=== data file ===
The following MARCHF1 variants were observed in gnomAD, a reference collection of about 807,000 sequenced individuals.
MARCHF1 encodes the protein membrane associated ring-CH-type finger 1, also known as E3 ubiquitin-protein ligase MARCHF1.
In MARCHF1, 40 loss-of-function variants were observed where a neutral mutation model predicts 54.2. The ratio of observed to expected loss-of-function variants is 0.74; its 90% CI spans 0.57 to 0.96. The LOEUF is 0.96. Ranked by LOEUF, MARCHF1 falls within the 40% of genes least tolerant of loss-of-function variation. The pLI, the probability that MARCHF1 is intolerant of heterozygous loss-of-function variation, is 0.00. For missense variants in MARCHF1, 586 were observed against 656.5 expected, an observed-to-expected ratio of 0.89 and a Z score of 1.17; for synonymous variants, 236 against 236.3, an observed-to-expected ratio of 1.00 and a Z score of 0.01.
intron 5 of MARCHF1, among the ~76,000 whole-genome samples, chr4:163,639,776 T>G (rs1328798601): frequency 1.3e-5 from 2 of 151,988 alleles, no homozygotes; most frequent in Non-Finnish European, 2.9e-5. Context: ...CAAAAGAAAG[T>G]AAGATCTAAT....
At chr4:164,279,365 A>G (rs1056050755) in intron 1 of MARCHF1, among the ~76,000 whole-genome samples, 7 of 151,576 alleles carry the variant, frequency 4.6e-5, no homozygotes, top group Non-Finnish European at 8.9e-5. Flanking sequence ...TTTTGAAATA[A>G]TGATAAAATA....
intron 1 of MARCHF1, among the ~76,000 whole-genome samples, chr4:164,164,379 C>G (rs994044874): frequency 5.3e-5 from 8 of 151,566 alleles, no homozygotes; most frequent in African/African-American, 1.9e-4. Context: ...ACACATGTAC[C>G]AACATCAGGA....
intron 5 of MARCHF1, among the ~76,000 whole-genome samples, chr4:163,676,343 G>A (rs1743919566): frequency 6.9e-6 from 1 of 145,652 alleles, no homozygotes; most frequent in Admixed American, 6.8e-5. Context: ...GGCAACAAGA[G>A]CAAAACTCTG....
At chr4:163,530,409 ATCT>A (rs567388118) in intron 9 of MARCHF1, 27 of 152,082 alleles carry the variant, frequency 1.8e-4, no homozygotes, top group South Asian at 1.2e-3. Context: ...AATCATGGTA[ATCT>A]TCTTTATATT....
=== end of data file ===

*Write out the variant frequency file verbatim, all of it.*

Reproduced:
The following MARCHF1 variants were observed in gnomAD, a reference collection of about 807,000 sequenced individuals.
MARCHF1 encodes the protein membrane associated ring-CH-type finger 1, also known as E3 ubiquitin-protein ligase MARCHF1.
In MARCHF1, 40 loss-of-function variants were observed where a neutral mutation model predicts 54.2. The ratio of observed to expected loss-of-function variants is 0.74; its 90% CI spans 0.57 to 0.96. The LOEUF is 0.96. Ranked by LOEUF, MARCHF1 falls within the 40% of genes least tolerant of loss-of-function variation. The pLI, the probability that MARCHF1 is intolerant of heterozygous loss-of-function variation, is 0.00. For missense variants in MARCHF1, 586 were observed against 656.5 expected, an observed-to-expected ratio of 0.89 and a Z score of 1.17; for synonymous variants, 236 against 236.3, an observed-to-expected ratio of 1.00 and a Z score of 0.01.
intron 5 of MARCHF1, among the ~76,000 whole-genome samples, chr4:163,639,776 T>G (rs1328798601): frequency 1.3e-5 from 2 of 151,988 alleles, no homozygotes; most frequent in Non-Finnish European, 2.9e-5. Context: ...CAAAAGAAAG[T>G]AAGATCTAAT....
At chr4:164,279,365 A>G (rs1056050755) in intron 1 of MARCHF1, among the ~76,000 whole-genome samples, 7 of 151,576 alleles carry the variant, frequency 4.6e-5, no homozygotes, top group Non-Finnish European at 8.9e-5. Flanking sequence ...TTTTGAAATA[A>G]TGATAAAATA....
intron 1 of MARCHF1, among the ~76,000 whole-genome samples, chr4:164,164,379 C>G (rs994044874): frequency 5.3e-5 from 8 of 151,566 alleles, no homozygotes; most frequent in African/African-American, 1.9e-4. Context: ...ACACATGTAC[C>G]AACATCAGGA....
intron 5 of MARCHF1, among the ~76,000 whole-genome samples, chr4:163,676,343 G>A (rs1743919566): frequency 6.9e-6 from 1 of 145,652 alleles, no homozygotes; most frequent in Admixed American, 6.8e-5. Context: ...GGCAACAAGA[G>A]CAAAACTCTG....
At chr4:163,530,409 ATCT>A (rs567388118) in intron 9 of MARCHF1, 27 of 152,082 alleles carry the variant, frequency 1.8e-4, no homozygotes, top group South Asian at 1.2e-3. Context: ...AATCATGGTA[ATCT>A]TCTTTATATT....